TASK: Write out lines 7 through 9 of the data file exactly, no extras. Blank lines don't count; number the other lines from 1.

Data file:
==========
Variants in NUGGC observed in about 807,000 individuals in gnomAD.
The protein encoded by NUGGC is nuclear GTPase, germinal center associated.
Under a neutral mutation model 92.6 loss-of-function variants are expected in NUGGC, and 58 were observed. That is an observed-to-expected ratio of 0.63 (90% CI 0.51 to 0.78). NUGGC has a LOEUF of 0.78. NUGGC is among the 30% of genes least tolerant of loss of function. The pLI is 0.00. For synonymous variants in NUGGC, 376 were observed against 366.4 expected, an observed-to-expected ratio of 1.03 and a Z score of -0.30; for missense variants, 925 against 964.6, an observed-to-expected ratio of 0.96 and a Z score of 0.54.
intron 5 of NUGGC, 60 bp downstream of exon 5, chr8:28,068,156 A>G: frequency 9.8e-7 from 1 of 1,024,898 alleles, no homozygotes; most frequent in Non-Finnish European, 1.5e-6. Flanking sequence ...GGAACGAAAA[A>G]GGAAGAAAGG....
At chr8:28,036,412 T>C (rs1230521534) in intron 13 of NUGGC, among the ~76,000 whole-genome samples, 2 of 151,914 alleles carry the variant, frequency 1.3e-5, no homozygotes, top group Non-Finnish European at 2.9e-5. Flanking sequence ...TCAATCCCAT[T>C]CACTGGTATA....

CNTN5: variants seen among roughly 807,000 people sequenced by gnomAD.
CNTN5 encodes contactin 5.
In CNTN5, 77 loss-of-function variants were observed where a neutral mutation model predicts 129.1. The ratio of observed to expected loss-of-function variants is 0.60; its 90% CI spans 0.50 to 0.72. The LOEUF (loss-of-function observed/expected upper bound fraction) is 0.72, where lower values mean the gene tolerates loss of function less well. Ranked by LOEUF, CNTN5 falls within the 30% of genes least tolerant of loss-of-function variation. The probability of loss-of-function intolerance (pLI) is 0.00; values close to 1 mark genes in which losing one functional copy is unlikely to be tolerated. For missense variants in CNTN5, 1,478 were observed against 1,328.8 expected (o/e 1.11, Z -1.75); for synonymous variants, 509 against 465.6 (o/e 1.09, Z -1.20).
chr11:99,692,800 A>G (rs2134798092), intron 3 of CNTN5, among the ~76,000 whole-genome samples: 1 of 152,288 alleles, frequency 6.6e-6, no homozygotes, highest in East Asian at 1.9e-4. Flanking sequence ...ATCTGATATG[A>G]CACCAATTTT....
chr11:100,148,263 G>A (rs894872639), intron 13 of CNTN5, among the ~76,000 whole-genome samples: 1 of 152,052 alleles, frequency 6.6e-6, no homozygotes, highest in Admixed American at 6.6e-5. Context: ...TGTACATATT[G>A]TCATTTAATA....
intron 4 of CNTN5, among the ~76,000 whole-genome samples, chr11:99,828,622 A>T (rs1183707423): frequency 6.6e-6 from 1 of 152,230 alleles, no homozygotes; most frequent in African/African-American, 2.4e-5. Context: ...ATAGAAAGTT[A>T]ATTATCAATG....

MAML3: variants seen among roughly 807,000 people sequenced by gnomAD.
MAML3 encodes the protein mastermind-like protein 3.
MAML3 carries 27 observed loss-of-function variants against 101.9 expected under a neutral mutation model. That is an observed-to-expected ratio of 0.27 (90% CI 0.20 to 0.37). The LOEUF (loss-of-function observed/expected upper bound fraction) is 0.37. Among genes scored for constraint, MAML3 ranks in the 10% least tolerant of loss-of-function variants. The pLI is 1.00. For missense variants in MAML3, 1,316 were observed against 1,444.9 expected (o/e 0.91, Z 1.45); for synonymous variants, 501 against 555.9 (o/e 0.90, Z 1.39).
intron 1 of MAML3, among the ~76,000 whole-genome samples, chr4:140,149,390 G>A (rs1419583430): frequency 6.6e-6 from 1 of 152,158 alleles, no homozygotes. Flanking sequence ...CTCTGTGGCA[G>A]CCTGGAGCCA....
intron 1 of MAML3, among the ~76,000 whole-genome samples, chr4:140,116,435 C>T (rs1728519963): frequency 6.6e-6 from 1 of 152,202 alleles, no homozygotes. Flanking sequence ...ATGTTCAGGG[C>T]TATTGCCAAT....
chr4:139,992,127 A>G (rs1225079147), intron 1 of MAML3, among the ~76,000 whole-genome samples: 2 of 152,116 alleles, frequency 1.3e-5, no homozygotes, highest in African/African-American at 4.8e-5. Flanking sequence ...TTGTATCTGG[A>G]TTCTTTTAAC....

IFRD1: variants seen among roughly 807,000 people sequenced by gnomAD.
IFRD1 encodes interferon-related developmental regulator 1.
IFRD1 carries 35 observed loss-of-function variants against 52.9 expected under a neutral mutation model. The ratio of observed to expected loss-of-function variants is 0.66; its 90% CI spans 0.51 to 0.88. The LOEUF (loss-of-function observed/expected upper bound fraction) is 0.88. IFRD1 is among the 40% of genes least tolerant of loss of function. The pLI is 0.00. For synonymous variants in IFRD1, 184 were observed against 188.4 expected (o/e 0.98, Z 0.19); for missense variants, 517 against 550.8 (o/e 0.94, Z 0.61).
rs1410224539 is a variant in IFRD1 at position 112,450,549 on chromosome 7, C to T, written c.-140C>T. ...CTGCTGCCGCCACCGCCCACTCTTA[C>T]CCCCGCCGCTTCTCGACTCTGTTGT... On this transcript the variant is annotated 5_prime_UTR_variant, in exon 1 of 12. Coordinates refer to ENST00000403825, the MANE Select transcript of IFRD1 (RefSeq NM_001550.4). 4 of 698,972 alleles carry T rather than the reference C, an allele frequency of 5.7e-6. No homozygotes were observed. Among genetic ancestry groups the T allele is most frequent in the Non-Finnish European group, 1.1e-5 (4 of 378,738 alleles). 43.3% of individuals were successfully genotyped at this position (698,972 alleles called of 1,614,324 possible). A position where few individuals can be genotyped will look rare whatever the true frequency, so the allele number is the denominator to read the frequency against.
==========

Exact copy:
CNTN5 encodes contactin 5.
In CNTN5, 77 loss-of-function variants were observed where a neutral mutation model predicts 129.1. The ratio of observed to expected loss-of-function variants is 0.60; its 90% CI spans 0.50 to 0.72. The LOEUF (loss-of-function observed/expected upper bound fraction) is 0.72, where lower values mean the gene tolerates loss of function less well. Ranked by LOEUF, CNTN5 falls within the 30% of genes least tolerant of loss-of-function variation. The probability of loss-of-function intolerance (pLI) is 0.00; values close to 1 mark genes in which losing one functional copy is unlikely to be tolerated. For missense variants in CNTN5, 1,478 were observed against 1,328.8 expected (o/e 1.11, Z -1.75); for synonymous variants, 509 against 465.6 (o/e 1.09, Z -1.20).
chr11:99,692,800 A>G (rs2134798092), intron 3 of CNTN5, among the ~76,000 whole-genome samples: 1 of 152,288 alleles, frequency 6.6e-6, no homozygotes, highest in East Asian at 1.9e-4. Flanking sequence ...ATCTGATATG[A>G]CACCAATTTT....